Matt M's picture
Matt M
West Fargo

Many of the students that I work with don't have access to a lot of technology. Many of our activities we that we do do not require the use of a computer. However, after reading this article, I do think that I could use some of these tips just to bring more technology in the classroom. Write arounds is something that I use. I did like the idea of instead of doing it by hand having students do it on the computer by taking turns. This would also help with students who do not have the best hand-writing. I also liked the idea of student blogging. I could use this as I make my government and economics class do a current events story each week. Instead of turning in a written sheet, they could just blog it to a wiki.

Brianna Hartman's picture
Brianna Hartman
8th grade math teacher from Ohio

I am willing to admit that I am not a blogger. I am contributing to this blog about integrating technology with limited resources as part of my master's program. Although you all have offered great ideas about how to incorporate the use of technology into the classroom , and have even shared ideas about how to get technology supplies donated to your classroom, I still find the use of blogs, pod casts, and other virtual classrooms useless to me in my math classes. First of all, I have a hard enough time getting students to do 8-10 math questions for homework, let alone to blog about what they have learned. How would I accommodate my students who do not have a computer at home? Maybe with some persuasion, I can be convinced that blogging is beneficial. What would be an appropriate topic to blog about in math class? I understand that I can have my students create blogs about the math concepts that are being learned, but how does blogging help students understand the concepts, especially in math? Many students need pictures and diagrams to comprehend math. I do see how blogging can be very beneficial in many areas on many topics. I just can not figure out an appropriate way to integrate into my classroom. Please help!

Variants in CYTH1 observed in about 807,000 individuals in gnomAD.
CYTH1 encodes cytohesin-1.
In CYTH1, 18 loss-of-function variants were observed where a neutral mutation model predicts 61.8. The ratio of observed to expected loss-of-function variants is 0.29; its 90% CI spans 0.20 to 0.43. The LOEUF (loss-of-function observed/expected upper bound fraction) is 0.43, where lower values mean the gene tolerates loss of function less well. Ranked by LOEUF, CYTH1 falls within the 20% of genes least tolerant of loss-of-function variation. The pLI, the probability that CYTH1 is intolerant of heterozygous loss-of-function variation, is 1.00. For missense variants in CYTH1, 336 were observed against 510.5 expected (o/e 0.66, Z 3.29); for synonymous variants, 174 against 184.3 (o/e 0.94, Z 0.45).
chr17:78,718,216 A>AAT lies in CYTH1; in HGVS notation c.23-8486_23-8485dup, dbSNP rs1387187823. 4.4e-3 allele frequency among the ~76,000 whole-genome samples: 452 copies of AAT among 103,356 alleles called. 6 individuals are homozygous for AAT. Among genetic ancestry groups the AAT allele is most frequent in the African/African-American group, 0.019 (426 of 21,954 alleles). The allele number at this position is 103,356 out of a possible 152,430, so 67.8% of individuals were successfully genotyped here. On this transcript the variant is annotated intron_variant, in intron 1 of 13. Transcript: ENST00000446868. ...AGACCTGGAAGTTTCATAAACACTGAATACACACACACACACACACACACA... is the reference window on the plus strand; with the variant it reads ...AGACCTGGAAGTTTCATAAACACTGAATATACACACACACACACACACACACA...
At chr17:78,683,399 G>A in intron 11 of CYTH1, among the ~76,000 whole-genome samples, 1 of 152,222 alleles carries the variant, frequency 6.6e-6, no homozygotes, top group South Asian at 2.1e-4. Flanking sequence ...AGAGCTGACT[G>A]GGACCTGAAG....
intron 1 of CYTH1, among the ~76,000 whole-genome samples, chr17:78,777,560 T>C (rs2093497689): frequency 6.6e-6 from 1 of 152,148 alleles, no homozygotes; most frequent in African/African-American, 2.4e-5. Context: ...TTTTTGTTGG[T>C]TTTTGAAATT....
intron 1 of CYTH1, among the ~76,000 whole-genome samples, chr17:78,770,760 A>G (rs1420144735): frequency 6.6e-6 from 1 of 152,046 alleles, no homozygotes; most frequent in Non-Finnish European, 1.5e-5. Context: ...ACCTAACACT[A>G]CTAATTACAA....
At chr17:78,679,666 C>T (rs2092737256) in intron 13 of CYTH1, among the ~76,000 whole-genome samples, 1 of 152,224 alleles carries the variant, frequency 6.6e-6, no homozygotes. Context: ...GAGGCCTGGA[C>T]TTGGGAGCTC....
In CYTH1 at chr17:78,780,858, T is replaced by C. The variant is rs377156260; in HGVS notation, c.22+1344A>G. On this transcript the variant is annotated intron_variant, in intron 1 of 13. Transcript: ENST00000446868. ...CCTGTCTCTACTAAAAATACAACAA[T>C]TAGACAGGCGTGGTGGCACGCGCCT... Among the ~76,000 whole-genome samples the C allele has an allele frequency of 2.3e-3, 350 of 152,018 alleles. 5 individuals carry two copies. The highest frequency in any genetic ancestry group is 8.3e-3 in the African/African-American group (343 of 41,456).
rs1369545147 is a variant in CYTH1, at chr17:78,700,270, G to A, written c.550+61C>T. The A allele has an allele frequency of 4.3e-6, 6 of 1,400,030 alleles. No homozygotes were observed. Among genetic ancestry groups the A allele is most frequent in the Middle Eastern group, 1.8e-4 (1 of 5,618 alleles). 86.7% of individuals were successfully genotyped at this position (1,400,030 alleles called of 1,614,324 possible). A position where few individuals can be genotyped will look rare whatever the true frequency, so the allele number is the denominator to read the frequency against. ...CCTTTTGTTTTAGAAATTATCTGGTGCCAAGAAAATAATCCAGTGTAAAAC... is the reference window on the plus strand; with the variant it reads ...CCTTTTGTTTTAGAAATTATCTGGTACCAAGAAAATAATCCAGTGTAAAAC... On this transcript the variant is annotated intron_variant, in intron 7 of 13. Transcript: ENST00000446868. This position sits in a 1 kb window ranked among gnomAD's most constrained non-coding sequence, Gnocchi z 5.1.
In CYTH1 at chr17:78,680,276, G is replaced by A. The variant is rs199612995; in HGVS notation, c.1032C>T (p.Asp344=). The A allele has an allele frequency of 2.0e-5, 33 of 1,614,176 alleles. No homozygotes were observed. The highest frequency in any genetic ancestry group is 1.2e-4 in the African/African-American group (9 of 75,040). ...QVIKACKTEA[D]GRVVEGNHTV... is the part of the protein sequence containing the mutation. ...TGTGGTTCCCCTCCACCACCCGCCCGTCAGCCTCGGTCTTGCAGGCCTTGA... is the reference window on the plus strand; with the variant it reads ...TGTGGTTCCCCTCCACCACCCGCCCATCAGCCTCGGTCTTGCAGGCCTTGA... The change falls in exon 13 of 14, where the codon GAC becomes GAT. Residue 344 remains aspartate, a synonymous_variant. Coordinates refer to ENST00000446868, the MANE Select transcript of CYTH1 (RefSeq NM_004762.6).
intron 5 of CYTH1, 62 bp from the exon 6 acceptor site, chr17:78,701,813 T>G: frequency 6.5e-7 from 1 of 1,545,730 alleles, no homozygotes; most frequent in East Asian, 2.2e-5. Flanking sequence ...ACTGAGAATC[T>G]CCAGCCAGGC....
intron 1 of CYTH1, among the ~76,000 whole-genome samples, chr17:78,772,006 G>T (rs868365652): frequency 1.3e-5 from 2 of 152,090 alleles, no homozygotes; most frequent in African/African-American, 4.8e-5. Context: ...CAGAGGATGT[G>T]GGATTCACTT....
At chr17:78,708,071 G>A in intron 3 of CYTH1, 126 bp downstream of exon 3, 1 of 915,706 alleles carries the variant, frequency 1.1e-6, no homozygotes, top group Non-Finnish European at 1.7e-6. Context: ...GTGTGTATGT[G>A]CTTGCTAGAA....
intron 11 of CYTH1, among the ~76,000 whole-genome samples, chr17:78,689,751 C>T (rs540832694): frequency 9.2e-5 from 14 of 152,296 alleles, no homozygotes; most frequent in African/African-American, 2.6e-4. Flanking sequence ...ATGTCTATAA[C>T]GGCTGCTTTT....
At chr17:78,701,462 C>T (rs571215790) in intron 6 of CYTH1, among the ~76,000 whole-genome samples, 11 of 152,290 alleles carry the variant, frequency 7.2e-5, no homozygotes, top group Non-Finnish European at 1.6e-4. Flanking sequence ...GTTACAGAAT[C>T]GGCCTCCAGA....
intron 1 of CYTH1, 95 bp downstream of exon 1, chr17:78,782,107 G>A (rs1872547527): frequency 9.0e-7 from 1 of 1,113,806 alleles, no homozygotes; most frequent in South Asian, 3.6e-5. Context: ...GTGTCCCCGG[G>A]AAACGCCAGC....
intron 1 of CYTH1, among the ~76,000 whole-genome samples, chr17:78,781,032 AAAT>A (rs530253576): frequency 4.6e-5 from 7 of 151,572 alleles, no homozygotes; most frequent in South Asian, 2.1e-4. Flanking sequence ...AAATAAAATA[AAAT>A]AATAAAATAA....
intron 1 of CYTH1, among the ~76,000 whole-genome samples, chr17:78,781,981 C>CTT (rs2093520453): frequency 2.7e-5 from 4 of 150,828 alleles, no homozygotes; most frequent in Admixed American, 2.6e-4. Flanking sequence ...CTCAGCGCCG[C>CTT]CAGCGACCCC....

Stu Keroff's picture

At my school, we also ran into the problem of how to integrate tech with limited resources. We got creative to solve the problem.

To increase technology integration as well as deal with limited resources, we started a Linux club at school. The kids in the club learn how to use free/open source software and apply that knowledge to refurbishing computers. Some of those computers go to needy families, while others are used in classes at school. Since the club does its own fundraising, this does not cost the school anything. Since the start of the club, we have given away 109 computers to the needy and have provided over 120 computers to the school. For more information, go to (club site) or to The Linux Club Guide at